September 20, 2010

Amazon Rainforest Resiliency

Filed under: Adaptation, Plants

Do a search on “Global Warming and Amazon Rainforest” and enjoy over 200,000 sites mostly proclaiming that “Amazon rainforest may become a desert” or “large portion of the rainforest will be lost” or you name it. Throw in the 200 indigenous cultures in the forest, add in some clever phrases like “lungs of the planet,” argue that the rainforest is being destroyed faster than anyone expected, and then claim “incalculable damages” all because of global warming. The cure for everything and anything is surely hidden in the rainforest of the Amazon, and the loss of that ecosystem could spell the end of us all.

Three recent papers appearing in leading scientific journals spell trouble for the alarmists’ claims about global warming and the precious and delicate Amazon rainforest.


September 13, 2010

Coral Bleaching

Filed under: Adaptation, Animals, Plants

Global warming causes coral bleaching – and there is absolutely no doubt about it, right? Tens of thousands of websites found searching for “Global warming and coral bleaching” seem to agree that when the ocean warms, the oxygen content reduces, and the corals become “bleached.” The heat affects the tiny algae which live symbiotically inside the corals and supply them with food. The heat stress damages the algae and in consequence leads to coral death. The argument for the global warming/coral bleaching connection is bolstered by the massive El Niño event in 1997 and 1998 that led to unusually warm tropical waters throughout the world’s lower latitudes and coral bleaching in many locations. But, as with so many other topics covered in World Climate Report, the idea that corals are in peril because of global warming turns out to be considerably more complicated than is commonly presented to the public at large.

Three recent articles give us reason to question the alarmists’ claims that coral reefs are in deep trouble due to the buildup of greenhouse gases.


August 2, 2010

Plant Productivity on the Rise in China (and Birds Love It!)

Filed under: Adaptation, Animals, Plants

We like birds and always have a special place in our essay series for good news about their future. A recent article in Acta Oecologica deals with bird diversity in China and the news could not be better, particularly given the results from three other recent studies from China that find that find that plant productivity—a primary determinent of species richness of China’s birds—is on the rise, quite probabily a result of rising atmospheric carbon dioxide levels.


June 21, 2010

Spinach Lovers Rejoice

Filed under: Adaptation, Agriculture, Plants

We at World Climate Report wholeheartedly endorse First Lady Michelle Obama’s “Let’s Move” campaign to curb childhood obesity. As she has said many times, about two-thirds of American adults, and about a third of American children, are overweight or obese. The country spends $150 billion every year treating obesity-related diseases, most of which are preventable. Military officials, looking at a pool of increasingly overweight recruits, have said that the nation’s weight problem is a security issue as well as an economic one—obesity is now one of the most common disqualifiers for military service.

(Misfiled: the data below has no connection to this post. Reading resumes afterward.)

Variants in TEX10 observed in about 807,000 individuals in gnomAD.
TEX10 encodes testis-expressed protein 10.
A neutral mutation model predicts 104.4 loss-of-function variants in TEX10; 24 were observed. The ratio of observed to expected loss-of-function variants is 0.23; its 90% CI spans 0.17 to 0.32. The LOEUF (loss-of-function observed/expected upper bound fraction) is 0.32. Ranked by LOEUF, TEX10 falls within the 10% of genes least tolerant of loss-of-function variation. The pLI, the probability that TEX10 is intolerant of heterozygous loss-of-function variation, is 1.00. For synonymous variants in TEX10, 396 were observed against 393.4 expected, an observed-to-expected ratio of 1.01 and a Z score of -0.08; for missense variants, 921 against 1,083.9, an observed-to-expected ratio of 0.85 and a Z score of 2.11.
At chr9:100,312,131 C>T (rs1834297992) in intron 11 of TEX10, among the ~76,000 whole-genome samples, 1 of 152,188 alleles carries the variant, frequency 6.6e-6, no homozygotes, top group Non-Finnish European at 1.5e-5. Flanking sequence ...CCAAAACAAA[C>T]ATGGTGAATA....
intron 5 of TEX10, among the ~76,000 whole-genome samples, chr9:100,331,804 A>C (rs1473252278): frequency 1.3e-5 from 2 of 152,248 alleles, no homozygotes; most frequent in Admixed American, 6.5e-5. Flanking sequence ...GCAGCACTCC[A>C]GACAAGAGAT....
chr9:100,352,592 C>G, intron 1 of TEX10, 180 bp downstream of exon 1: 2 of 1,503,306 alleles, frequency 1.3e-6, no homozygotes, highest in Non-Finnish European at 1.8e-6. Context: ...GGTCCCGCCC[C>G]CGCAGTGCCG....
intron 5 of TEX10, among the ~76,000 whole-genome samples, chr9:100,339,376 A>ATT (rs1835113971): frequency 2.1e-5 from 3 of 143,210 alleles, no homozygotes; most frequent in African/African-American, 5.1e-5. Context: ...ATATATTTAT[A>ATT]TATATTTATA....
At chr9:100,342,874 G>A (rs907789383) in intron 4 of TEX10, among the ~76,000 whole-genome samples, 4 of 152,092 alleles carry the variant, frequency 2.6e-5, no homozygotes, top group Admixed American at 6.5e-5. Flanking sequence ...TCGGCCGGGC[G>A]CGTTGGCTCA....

If you are in the DC area, be sure to make a visit to the south lawn of the White House grounds where the first lady will be organically growing lots and lots of spinach (more spinach than anything else—see Figure 1)! She not only plans on growing the stuff, but she is featuring her side dish called “No Cream Creamed Spinach” which to feed six people requires two pounds of baby spinach (the recipe is at the end of our article). We are sure the Obama children just cannot get enough of her healthy spinach salad.

Figure 1. Layout of the White House vegetable garden. Note the preponderance of spinach!

Given the Obama’s focus on spinach, we decided to deliver them some wonderful news about how spinach responds to elevated levels of atmospheric carbon dioxide (CO2).


October 1, 2007

Back When All News Wasn’t Bad

Filed under: Adaptation, Animals, Extinctions, Plants

In 1996, Camille Parmesan published a paper in Nature magazine that supposedly was the first documentation that animal species (in this case Edith’s Checkerspot Butterflies) were shifting there range because of presumably anthropogenic climate changes. Parmesan told the New York Times, “I cannot say that climate warming has caused the shift; what I can say is that it is exactly what is predicted by global warming scenarios…”

Parmesan went on to look at additional species and her work, and other studies like hers that document shifting species ranges as the climate warms, are treated as “blockbusters” when the appear, most often in the world’s most prestigious scientific journals such as Science and Nature. These are accompanied by press releases and widespread media coverage that undoubtedly reverberates with the (mock?) horror of environmentalists worldwide. In fact, some studies have even taken the shifting-range-is-bad concept a step further, projecting that a quarter to a third of all the world’s species will be extinct in 50 years. The lead author of one such study published in Nature magazine, British University of Leeds’ Chris Thomas, told the Washington Post, “We’re not talking about the occasional extinction—we’re talking about 1.25 million species. It’s a massive number.”